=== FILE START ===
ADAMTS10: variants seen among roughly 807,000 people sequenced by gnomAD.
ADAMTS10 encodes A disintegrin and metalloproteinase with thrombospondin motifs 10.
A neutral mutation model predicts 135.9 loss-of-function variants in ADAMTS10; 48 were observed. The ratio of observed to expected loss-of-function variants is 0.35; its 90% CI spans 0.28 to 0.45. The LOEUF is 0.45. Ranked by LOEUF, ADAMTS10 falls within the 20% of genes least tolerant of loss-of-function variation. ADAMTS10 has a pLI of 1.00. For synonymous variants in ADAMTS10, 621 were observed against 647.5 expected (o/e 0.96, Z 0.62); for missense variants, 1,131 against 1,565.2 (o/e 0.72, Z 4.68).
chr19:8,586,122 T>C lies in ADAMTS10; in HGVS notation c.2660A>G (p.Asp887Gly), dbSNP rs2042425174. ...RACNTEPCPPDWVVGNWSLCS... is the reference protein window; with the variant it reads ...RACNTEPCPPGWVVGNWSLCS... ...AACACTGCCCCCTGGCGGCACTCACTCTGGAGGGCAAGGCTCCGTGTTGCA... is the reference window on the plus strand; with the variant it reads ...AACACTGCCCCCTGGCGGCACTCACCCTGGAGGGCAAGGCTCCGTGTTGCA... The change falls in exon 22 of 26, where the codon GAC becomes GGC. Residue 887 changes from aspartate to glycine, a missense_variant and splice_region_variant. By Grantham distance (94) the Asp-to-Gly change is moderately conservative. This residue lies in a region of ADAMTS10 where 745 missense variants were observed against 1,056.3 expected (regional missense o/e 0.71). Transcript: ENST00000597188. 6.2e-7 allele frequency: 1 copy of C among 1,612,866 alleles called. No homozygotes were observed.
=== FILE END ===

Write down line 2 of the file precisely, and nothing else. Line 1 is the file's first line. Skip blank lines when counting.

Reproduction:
ADAMTS10 encodes A disintegrin and metalloproteinase with thrombospondin motifs 10.